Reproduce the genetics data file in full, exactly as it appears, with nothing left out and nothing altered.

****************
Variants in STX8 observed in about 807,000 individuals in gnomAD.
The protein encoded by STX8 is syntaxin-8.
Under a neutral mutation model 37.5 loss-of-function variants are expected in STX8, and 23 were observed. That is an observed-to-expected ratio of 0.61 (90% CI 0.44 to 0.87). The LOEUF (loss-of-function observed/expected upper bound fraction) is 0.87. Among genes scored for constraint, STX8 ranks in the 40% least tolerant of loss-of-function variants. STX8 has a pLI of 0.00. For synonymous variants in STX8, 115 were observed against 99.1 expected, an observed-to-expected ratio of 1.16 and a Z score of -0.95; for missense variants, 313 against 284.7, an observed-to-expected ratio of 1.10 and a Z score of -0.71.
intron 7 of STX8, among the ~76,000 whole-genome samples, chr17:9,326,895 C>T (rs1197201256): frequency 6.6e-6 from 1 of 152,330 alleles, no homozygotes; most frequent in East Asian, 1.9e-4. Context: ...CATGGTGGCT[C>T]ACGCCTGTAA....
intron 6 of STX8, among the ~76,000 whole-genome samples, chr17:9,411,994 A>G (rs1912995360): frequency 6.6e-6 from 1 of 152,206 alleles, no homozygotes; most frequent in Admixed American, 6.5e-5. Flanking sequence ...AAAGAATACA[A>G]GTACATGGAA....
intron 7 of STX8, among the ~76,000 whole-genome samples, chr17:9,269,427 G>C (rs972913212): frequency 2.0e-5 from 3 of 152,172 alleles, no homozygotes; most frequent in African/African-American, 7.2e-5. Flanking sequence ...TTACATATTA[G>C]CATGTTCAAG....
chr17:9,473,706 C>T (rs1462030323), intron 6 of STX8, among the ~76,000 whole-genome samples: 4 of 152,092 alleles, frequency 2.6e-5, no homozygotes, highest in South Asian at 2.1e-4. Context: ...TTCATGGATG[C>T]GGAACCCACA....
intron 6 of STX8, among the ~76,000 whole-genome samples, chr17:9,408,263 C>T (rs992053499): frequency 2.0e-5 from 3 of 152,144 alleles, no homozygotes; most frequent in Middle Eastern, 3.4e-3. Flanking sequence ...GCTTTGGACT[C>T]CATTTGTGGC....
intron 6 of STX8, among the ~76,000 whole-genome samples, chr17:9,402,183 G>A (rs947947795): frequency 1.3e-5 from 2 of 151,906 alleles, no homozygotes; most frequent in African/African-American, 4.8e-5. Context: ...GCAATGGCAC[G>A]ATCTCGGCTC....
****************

Variants in STX8 observed in about 807,000 individuals in gnomAD.
The protein encoded by STX8 is syntaxin-8.
Under a neutral mutation model 37.5 loss-of-function variants are expected in STX8, and 23 were observed. That is an observed-to-expected ratio of 0.61 (90% CI 0.44 to 0.87). The LOEUF (loss-of-function observed/expected upper bound fraction) is 0.87. Among genes scored for constraint, STX8 ranks in the 40% least tolerant of loss-of-function variants. STX8 has a pLI of 0.00. For synonymous variants in STX8, 115 were observed against 99.1 expected, an observed-to-expected ratio of 1.16 and a Z score of -0.95; for missense variants, 313 against 284.7, an observed-to-expected ratio of 1.10 and a Z score of -0.71.
intron 7 of STX8, among the ~76,000 whole-genome samples, chr17:9,326,895 C>T (rs1197201256): frequency 6.6e-6 from 1 of 152,330 alleles, no homozygotes; most frequent in East Asian, 1.9e-4. Context: ...CATGGTGGCT[C>T]ACGCCTGTAA....
intron 6 of STX8, among the ~76,000 whole-genome samples, chr17:9,411,994 A>G (rs1912995360): frequency 6.6e-6 from 1 of 152,206 alleles, no homozygotes; most frequent in Admixed American, 6.5e-5. Flanking sequence ...AAAGAATACA[A>G]GTACATGGAA....
intron 7 of STX8, among the ~76,000 whole-genome samples, chr17:9,269,427 G>C (rs972913212): frequency 2.0e-5 from 3 of 152,172 alleles, no homozygotes; most frequent in African/African-American, 7.2e-5. Flanking sequence ...TTACATATTA[G>C]CATGTTCAAG....
chr17:9,473,706 C>T (rs1462030323), intron 6 of STX8, among the ~76,000 whole-genome samples: 4 of 152,092 alleles, frequency 2.6e-5, no homozygotes, highest in South Asian at 2.1e-4. Context: ...TTCATGGATG[C>T]GGAACCCACA....
intron 6 of STX8, among the ~76,000 whole-genome samples, chr17:9,408,263 C>T (rs992053499): frequency 2.0e-5 from 3 of 152,144 alleles, no homozygotes; most frequent in Middle Eastern, 3.4e-3. Flanking sequence ...GCTTTGGACT[C>T]CATTTGTGGC....
intron 6 of STX8, among the ~76,000 whole-genome samples, chr17:9,402,183 G>A (rs947947795): frequency 1.3e-5 from 2 of 151,906 alleles, no homozygotes; most frequent in African/African-American, 4.8e-5. Context: ...GCAATGGCAC[G>A]ATCTCGGCTC....